Written by Bob Melrose.
As that first frost hit the other day and the leaves started to race each other to the ground I realized just how close we are to the wind down of the season. Once again I reflected on how many trips I had promised to make and didn't take. That's life, and like the 50th birthday card one of my fishing buddies gave me now 15 years ago, it said "Don' t think of 50 as over the hill, just think of it as picking up speed." Time moves much too fast and the fall moves fastest of all.
For some reason it made me think of the fishing partners over the years. The good, the bad and the ugly. What made some trips so good and others entirely forgettable? Success in fishing often is not measured in amount of fish or size, but experiences shared. I often forget how I started to fish with a certain partner to share the water but I sure do remember why I stopped fishing with others.
One of my main trout fishing buddies had been a customer for a number of years. We mutually discussed our love for an Interior Plateau river west of Prince George. We eventually got around to arranging a trip there in Mid July. Upon picking him up some bills landed on the dash for gas and he said he had some extra lunch. We have fished together now for 30 years. He fishes faster than I do, I'm too thorough, but he will always wait at the next pool so we can rotate on fresh water. You know sometimes you can have a great conversation with a fishing buddy without saying a word.
Another fishing partner is as fish crazy as anyone I know. A master with all types of tackle he has like myself chose the fly rod as the weapon of choice. Fishing for him is the experience, the river, the wildlife, the lunch break, the stillness. No competition, enjoying your fish as much as his own and always ready to go. A guy that really cares about the fish and has put in many volunteer hours to make sure the resource stays strong as possible. I have shared many great trips with others. Herb, Jack ,Denis, Alex, Dave. Rick, Gene, Mike, Rod, Steve, Gary and Mark to name a few. A pleasure to fish with.
Many other partners although not frequent but were very enjoyable companions. Guys and gals that love to fish, accept adversity with a smile or joke, carry their own weight, that have made trips memorable one way or another. Sometimes the outdoors bring out the real person.
Of course there also is the inevitable bad. Like the time one of my regular partners asked to invite a fellow worker along. We asked a few questions and they said he seemed like a good guy. Well okay we will let him come along. We cut across country for two miles to hit this bend on one of our favourite rivers. We would take all day to fish down to our vehicles. We saw the newcomer when we came out at the river and did not see him again until nightfall. He raced ahead of us hitting all the pools and then proceeded to tell us how good the fishing was. Best he had ever had. Couldn't wait to come with us again. Guess what, we didn't call.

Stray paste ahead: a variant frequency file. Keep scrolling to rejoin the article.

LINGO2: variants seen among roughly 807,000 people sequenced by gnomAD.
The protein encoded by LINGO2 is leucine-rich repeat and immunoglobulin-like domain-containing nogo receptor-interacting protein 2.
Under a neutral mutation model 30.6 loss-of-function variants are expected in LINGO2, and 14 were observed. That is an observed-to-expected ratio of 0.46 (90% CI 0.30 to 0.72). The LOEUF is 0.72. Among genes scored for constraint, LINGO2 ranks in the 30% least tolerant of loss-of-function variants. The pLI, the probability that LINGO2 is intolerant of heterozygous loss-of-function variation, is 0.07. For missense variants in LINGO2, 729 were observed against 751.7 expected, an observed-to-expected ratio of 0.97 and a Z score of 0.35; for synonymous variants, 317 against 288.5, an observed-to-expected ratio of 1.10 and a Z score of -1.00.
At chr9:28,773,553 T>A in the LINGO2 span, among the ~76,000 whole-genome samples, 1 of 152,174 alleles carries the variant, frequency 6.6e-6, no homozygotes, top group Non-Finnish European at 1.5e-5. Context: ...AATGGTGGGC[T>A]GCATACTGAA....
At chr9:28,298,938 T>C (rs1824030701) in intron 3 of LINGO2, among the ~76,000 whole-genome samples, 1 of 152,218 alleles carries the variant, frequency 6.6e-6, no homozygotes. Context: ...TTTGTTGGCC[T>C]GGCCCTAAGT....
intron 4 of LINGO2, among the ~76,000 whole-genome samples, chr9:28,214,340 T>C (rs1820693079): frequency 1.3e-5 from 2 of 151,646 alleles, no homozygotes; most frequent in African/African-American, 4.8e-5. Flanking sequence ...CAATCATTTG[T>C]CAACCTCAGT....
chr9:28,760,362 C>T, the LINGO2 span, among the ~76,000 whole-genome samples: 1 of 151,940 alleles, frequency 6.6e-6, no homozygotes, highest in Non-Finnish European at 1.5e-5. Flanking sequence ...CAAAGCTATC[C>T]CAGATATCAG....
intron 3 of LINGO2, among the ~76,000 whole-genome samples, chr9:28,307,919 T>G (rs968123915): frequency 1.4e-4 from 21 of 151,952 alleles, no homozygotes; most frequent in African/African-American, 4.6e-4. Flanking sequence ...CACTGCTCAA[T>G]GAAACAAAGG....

Another incident taught me a very good lesson. The last Steelhead I took for the table was close to 40 years ago. About 30 years ago I made a trip out from Prince George with a fellow who had yet to catch a Steelhead. Most anglers will take the time to help the newcomer to land his first Steelhead. We had a great weekend and released several nice fish. We told him this was a special fish from a special place and to treat it as such. The next weekend I returned and there he was with four friends with limits of dead Steelhead. When I asked him what the hell was he doing, he replied "He didn't swear to secrecy and besides it was legal at the time to take Steelhead." Misplaced trust.
Other fishing companions were very brief for one reason or another. Too competitive, not paying their share, carrying their load, no ethics, interested only in the numbers, no respect etc. There are many reasons, just say like the divorce courts, irreconcilable differences or incompatibility.
I have had a few dogs over the years that were very good fishing companions. My German Shorthairs were for the most part great on the river. They stayed contentedly on shore, warned me of other wildlife, shared lunch and would happily curl up beside you if you took an afternoon break. More than once they alerted me to a possible bear scare. Often their presence told you that at least your sense of smell was still working. My last dog a German Longhaired Pointer was not a good fishing dog. His instincts were so strong that anyone standing in a river waving a stick was obviously going to throw it and he was right there in the water ready to do the job. His name was Sage. He never did hear me say "Sage, go fetch my Sage" but he was always waiting. He also did not grasp the concept of catch and release. For him, catch and retrieve was the name of the game. I guess that training him to point with a fly rod and a grouse wing was not the most enlightened thing to do. Each cast meant he was to creep up on that fly. It wasn't his fault that he took his lessons seriously. I miss him.